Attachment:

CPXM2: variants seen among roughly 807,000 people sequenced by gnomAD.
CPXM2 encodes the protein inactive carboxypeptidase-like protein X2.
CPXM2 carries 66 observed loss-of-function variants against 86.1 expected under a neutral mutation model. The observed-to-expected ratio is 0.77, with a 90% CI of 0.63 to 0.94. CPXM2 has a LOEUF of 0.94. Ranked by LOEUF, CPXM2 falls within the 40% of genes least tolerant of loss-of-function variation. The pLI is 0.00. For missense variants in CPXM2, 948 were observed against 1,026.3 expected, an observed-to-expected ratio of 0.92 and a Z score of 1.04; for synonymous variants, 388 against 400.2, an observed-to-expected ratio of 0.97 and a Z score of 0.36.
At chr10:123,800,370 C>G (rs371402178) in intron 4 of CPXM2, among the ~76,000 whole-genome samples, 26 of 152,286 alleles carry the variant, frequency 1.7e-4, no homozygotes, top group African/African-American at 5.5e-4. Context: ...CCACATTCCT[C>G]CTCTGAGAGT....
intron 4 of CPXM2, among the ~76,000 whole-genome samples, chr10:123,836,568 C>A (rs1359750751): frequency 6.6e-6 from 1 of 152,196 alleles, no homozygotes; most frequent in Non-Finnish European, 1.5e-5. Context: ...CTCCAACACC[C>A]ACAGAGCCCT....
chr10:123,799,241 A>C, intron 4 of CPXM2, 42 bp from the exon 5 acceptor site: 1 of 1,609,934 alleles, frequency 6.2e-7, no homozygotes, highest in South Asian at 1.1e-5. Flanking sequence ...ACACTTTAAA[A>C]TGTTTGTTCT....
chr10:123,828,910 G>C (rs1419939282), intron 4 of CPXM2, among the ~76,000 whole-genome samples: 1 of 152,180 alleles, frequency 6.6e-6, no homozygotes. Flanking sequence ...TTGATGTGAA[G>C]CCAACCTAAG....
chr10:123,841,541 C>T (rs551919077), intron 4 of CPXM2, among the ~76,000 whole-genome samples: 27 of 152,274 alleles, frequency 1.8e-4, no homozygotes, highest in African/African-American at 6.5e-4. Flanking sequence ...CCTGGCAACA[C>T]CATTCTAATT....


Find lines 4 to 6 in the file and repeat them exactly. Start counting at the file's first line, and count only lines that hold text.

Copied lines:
At chr10:123,800,370 C>G (rs371402178) in intron 4 of CPXM2, among the ~76,000 whole-genome samples, 26 of 152,286 alleles carry the variant, frequency 1.7e-4, no homozygotes, top group African/African-American at 5.5e-4. Context: ...CCACATTCCT[C>G]CTCTGAGAGT....
intron 4 of CPXM2, among the ~76,000 whole-genome samples, chr10:123,836,568 C>A (rs1359750751): frequency 6.6e-6 from 1 of 152,196 alleles, no homozygotes; most frequent in Non-Finnish European, 1.5e-5. Context: ...CTCCAACACC[C>A]ACAGAGCCCT....
chr10:123,799,241 A>C, intron 4 of CPXM2, 42 bp from the exon 5 acceptor site: 1 of 1,609,934 alleles, frequency 6.2e-7, no homozygotes, highest in South Asian at 1.1e-5. Flanking sequence ...ACACTTTAAA[A>C]TGTTTGTTCT....